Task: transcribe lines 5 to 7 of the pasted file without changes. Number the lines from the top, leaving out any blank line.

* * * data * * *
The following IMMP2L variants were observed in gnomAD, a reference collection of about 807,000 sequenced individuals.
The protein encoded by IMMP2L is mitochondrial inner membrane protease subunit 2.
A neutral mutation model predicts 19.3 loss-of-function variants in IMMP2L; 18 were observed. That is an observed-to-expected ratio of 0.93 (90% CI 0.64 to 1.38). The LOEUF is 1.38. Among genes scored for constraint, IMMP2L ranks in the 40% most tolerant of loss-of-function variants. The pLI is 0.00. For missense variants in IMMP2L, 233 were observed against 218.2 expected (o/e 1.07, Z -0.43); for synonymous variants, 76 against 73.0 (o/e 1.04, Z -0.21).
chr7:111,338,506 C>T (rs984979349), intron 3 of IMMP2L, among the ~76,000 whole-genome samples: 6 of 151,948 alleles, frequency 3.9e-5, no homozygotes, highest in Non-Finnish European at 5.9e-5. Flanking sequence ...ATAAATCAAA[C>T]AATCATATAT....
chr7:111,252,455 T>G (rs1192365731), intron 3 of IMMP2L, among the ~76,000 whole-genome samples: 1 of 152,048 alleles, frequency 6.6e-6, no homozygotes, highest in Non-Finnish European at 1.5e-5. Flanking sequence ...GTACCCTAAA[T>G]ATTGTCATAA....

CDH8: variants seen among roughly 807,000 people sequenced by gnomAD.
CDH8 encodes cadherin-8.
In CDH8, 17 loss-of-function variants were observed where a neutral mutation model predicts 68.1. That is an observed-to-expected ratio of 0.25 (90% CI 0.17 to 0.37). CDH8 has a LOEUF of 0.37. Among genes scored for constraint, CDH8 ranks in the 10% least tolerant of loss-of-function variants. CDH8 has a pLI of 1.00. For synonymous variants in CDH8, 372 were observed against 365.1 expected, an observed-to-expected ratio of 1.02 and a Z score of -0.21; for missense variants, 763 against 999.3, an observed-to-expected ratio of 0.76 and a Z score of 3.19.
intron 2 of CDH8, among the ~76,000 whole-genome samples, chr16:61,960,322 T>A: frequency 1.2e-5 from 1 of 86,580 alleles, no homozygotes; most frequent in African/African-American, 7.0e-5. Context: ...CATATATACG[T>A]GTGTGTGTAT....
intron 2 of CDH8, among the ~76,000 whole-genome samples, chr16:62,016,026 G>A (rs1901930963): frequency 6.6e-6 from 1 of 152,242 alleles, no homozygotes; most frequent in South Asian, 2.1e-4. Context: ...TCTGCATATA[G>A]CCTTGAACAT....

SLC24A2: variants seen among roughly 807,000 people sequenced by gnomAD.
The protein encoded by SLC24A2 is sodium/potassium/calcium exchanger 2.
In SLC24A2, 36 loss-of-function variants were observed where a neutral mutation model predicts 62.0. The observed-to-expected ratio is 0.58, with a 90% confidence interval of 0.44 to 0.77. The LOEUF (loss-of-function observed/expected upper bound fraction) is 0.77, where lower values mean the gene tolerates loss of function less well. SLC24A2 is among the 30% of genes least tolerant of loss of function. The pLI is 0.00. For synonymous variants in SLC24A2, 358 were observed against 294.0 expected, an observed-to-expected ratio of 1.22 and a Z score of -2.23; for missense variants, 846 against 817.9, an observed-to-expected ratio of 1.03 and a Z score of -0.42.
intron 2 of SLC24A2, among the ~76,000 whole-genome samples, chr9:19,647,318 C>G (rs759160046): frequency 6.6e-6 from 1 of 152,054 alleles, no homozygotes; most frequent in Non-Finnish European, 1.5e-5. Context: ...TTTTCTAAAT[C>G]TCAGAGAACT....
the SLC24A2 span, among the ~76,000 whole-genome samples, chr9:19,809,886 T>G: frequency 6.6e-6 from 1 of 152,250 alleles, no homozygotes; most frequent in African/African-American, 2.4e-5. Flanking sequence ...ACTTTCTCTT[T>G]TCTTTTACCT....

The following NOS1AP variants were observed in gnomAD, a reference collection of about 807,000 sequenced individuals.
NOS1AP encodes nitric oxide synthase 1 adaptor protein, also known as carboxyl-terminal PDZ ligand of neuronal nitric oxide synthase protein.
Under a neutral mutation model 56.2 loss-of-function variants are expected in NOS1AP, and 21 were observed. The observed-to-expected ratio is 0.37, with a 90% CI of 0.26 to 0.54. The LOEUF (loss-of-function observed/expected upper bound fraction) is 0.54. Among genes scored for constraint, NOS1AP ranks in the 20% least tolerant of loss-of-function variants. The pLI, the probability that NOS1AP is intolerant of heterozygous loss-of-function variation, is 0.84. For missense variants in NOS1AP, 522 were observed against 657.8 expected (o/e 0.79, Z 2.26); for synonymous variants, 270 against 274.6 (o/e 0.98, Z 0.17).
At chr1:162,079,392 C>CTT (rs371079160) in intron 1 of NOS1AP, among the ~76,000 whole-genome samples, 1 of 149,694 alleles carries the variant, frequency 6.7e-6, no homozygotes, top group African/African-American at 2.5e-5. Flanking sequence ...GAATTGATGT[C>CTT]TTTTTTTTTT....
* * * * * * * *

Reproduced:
chr7:111,252,455 T>G (rs1192365731), intron 3 of IMMP2L, among the ~76,000 whole-genome samples: 1 of 152,048 alleles, frequency 6.6e-6, no homozygotes, highest in Non-Finnish European at 1.5e-5. Flanking sequence ...GTACCCTAAA[T>G]ATTGTCATAA....

CDH8: variants seen among roughly 807,000 people sequenced by gnomAD.
CDH8 encodes cadherin-8.